circular economy

circular economy


   Goal: Understand design and business strategies to enable closed-loop production, so each end of life becomes a new beginning.

Often the best way to reduce material consumption is not to lightweight your product, but to get more service out of it. For example, if a product gets used ten times as much during its lifetime, it uses 1/10th as much material per unit service; by comparison, the best engineer might be lucky to reduce material use 10–30% through lightweighting. This increase in service can happen either by the product having a longer life (being used by the same person for ten times as long), by the product being shared (lasting the same time, but being used by ten times as many people), or a combination of both. This goes by many names–Cradle to Cradle, industrial ecology, and most recently the Circular Economy.

This diagram shows many possible resource loops in a circular economy, fixing the linear “take-make-waste” economy.  The tighter the loop, the more resource-efficient it usually is.  As defined by Cradle to Cradle, biological nutrients are things that were grown and can become food for other plants or animals (composted or biodegraded).  Technical nutrients are anything dug out of the ground that can’t return to biological cycles but can be recycled or otherwise become a resource for making other products.  Technical nutrients must all have their own separate recovery loops to avoid contaminating each other, but biological nutrients usually don’t require separation.  Biological nutrients can also go through technical cycles of reuse, remanufacturing, etc., to lengthen their service life.


Design for Circular Economy (Design for Lifetime)

Designing for the circular economy can mean designing for a long life, designing for a good afterlife (disassembly and recycling), or designing for repair and upgrade. See the videos below for details: 


Autodesk Sustainability Workshop Introduction to Design for Lifetime


Autodesk Sustainability Workshop Design for Durability


Autodesk Sustainability Workshop Design for Disassembly and Recycling 


Autodesk Sustainability Workshop Design for Repair and Upgrade


You can also download the Autodesk Quick Reference Guides on these topics:


Quick Reference Guide–Design for Lifetime  |   Quick Reference Guide–Design for Durability


Why we throw things away. Image Source: Eternally Yours Foundation, via Okala Practitioner


Here are more resources on design for lifetime:

  • Natural Capitalism (Hawken, Lovins, and Lovins), chapters 4 and 7. These chapters describe manufacturing optimization, the importance of measuring to find opportunities, design for service, and designing for circular material flows.
  • Eternally Yours: Time in Design by Ed Van Hinte. This book describes how to design for long life in terms of aesthetics, culture, and flexibility.
  • The Maker’s Bill of Rights manifesto by Make magazine. This short list of demands is a good reference for how to design for repair and upgrade.
  • Bloom Laptop for Disassembly and Recycling Final Report.  This student project from Stanford University is an example of how a laptop can be designed for disassembly, repair,  upgrade, and recycling.

Designing for lifetime can be more expensive; one way you can make more money while also saving your customers money is to design for sharing. This changes not just the product design, but the business model.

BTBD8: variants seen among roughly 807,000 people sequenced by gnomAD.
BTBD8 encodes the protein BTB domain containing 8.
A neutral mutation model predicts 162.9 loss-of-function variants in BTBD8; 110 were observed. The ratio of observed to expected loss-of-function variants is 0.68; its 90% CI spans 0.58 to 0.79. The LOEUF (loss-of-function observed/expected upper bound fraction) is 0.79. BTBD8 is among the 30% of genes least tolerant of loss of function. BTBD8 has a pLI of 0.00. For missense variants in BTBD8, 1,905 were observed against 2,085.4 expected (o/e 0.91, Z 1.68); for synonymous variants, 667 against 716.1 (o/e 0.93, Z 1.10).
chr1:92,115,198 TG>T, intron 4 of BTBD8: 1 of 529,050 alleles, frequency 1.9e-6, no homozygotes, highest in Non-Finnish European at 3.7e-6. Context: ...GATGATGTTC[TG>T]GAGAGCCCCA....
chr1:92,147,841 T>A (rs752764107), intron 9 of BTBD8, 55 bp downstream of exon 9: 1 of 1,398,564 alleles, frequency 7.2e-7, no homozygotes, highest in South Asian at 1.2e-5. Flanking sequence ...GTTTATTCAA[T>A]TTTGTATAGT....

Business Models for a Circular Economy

Designing for the circular economy requires new business models to make designs viable. How do ten people share the product?  When do they pay, how do they get access, etc.? Or if your products last ten times as long, how do you stay in business? You might charge more, or add profitable upgrade, repair, and maintenance services. You might also change the business model: perhaps you own the product instead of the user, and charge subscription fees for use, rather than a one-time purchase every few years. A similar business model also works for sharing the product across many people. If none of these are possible, you might at least use a business model that takes back old products and remanufactures them, or reuses material. Then you can design your products to enable these better lifetimes.

As mentioned above, sharing a product among ten people can reduce its material impacts per person by 90%. Product service systems redesign the product (and, more importantly, its business model) for sharing. There are many ways of doing this; click on the graphic below for a summary.

Product service system landscape. Image credit: Jeremy Faludi, TU Delft; inspired by Tukker 2004.


Designing product service systems is a deep field of study—you can even get a masters degree in it from Blekinge Institute of Technology.  Another source of information on product service systems, including barriers to adoption and how to overcome them, is Promoting Innovative Business Models with Environmental Benefits by the EU Commission, especially section 5.2 “Business Rationale” (pp.29-31) and section 7, “Realizing PSS” (pp.39-46). 

Barriers to product service systems and how to overcome them, from the EU Commission paper above.


Finally, a more general tool for environmentally and socially responsible entrepreneurship is the Business Sustainability Booster by prof. Marsha Willard of the Presidio Graduate School of business.  It is an overlay for the standard Business Model Canvas, presenting sustainability considerations at each step.  It is an exploratory tool, not giving you answers, but giving you questions to ask in each section of the business model canvas to help drive sustainability.  The video below summarizes it:

This can help drive more holistic and comprehensive sustainability strategies.



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